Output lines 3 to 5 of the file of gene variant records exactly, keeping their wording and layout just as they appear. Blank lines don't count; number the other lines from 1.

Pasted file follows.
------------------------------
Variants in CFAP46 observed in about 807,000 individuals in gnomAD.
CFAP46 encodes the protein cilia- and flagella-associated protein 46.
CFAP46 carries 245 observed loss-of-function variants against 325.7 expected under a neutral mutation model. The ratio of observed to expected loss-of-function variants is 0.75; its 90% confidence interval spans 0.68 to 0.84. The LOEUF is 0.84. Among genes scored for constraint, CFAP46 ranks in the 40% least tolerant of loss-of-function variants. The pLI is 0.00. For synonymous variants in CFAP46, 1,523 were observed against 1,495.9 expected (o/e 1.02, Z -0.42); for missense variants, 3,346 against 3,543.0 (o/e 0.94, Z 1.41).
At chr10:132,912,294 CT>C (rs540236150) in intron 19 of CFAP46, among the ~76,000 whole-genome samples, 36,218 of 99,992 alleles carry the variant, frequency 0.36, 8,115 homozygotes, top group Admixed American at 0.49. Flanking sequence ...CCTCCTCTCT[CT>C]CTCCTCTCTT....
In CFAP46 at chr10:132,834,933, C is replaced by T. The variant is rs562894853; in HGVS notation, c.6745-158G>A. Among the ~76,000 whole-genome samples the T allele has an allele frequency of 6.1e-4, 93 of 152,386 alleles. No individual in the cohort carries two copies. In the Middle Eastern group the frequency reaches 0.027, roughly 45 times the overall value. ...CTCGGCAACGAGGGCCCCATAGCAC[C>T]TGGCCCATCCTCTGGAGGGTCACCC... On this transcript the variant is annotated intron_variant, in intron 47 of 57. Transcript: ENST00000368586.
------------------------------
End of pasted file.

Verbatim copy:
CFAP46 carries 245 observed loss-of-function variants against 325.7 expected under a neutral mutation model. The ratio of observed to expected loss-of-function variants is 0.75; its 90% confidence interval spans 0.68 to 0.84. The LOEUF is 0.84. Among genes scored for constraint, CFAP46 ranks in the 40% least tolerant of loss-of-function variants. The pLI is 0.00. For synonymous variants in CFAP46, 1,523 were observed against 1,495.9 expected (o/e 1.02, Z -0.42); for missense variants, 3,346 against 3,543.0 (o/e 0.94, Z 1.41).
At chr10:132,912,294 CT>C (rs540236150) in intron 19 of CFAP46, among the ~76,000 whole-genome samples, 36,218 of 99,992 alleles carry the variant, frequency 0.36, 8,115 homozygotes, top group Admixed American at 0.49. Flanking sequence ...CCTCCTCTCT[CT>C]CTCCTCTCTT....
In CFAP46 at chr10:132,834,933, C is replaced by T. The variant is rs562894853; in HGVS notation, c.6745-158G>A. Among the ~76,000 whole-genome samples the T allele has an allele frequency of 6.1e-4, 93 of 152,386 alleles. No individual in the cohort carries two copies. In the Middle Eastern group the frequency reaches 0.027, roughly 45 times the overall value. ...CTCGGCAACGAGGGCCCCATAGCAC[C>T]TGGCCCATCCTCTGGAGGGTCACCC... On this transcript the variant is annotated intron_variant, in intron 47 of 57. Transcript: ENST00000368586.